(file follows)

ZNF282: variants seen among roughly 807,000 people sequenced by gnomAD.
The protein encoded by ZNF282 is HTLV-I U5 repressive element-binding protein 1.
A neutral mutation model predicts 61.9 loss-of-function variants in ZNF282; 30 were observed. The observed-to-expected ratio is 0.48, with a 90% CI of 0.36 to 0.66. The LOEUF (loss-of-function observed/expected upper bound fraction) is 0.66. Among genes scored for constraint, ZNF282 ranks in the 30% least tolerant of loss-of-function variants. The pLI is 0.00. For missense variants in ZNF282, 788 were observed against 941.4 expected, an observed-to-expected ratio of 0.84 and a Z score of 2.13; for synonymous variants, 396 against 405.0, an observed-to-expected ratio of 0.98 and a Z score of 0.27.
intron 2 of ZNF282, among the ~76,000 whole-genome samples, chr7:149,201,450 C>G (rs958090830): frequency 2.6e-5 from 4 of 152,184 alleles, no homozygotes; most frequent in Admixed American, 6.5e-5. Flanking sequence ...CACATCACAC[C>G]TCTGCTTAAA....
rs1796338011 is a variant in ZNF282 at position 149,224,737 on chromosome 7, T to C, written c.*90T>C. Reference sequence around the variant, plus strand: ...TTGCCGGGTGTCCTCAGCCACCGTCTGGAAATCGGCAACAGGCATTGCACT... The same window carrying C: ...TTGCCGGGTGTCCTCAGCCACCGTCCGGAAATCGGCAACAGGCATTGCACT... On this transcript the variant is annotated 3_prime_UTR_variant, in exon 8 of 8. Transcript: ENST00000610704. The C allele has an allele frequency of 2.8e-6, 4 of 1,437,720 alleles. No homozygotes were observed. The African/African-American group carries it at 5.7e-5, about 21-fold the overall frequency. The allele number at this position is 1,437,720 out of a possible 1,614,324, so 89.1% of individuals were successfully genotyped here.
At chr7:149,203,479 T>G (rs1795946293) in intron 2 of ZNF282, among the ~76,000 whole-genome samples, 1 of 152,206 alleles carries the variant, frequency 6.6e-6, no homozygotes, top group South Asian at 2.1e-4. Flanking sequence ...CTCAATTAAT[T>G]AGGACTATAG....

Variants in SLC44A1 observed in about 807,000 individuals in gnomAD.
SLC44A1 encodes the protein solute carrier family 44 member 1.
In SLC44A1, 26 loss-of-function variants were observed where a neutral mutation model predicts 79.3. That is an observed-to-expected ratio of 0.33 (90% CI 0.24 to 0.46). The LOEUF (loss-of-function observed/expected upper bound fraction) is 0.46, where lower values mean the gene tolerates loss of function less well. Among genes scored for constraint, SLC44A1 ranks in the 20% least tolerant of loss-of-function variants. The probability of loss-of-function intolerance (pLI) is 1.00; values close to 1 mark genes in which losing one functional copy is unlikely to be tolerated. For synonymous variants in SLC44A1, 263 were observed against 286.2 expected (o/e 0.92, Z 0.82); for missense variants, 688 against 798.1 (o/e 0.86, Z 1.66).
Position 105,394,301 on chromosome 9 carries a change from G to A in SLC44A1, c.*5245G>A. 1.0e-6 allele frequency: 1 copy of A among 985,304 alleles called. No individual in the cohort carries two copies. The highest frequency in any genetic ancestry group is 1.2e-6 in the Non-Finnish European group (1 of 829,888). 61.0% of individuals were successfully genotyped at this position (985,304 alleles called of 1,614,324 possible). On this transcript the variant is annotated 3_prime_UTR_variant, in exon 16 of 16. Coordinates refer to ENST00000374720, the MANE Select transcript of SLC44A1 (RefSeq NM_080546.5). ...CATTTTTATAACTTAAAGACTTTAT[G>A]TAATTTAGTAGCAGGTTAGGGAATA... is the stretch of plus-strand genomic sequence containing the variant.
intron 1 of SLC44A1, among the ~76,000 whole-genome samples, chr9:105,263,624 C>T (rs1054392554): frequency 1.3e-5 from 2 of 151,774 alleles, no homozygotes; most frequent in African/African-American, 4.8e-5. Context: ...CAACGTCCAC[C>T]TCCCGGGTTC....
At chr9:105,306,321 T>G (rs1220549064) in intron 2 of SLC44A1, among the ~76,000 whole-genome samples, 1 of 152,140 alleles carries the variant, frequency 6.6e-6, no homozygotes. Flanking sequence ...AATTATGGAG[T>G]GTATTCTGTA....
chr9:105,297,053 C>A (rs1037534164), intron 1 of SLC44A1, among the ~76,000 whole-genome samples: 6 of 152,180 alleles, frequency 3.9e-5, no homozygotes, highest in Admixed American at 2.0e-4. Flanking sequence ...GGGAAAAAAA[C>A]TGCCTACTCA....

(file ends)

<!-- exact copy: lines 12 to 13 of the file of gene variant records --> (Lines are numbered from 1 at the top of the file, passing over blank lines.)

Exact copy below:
At chr9:105,306,321 T>G (rs1220549064) in intron 2 of SLC44A1, among the ~76,000 whole-genome samples, 1 of 152,140 alleles carries the variant, frequency 6.6e-6, no homozygotes. Flanking sequence ...AATTATGGAG[T>G]GTATTCTGTA....
chr9:105,297,053 C>A (rs1037534164), intron 1 of SLC44A1, among the ~76,000 whole-genome samples: 6 of 152,180 alleles, frequency 3.9e-5, no homozygotes, highest in Admixed American at 2.0e-4. Flanking sequence ...GGGAAAAAAA[C>A]TGCCTACTCA....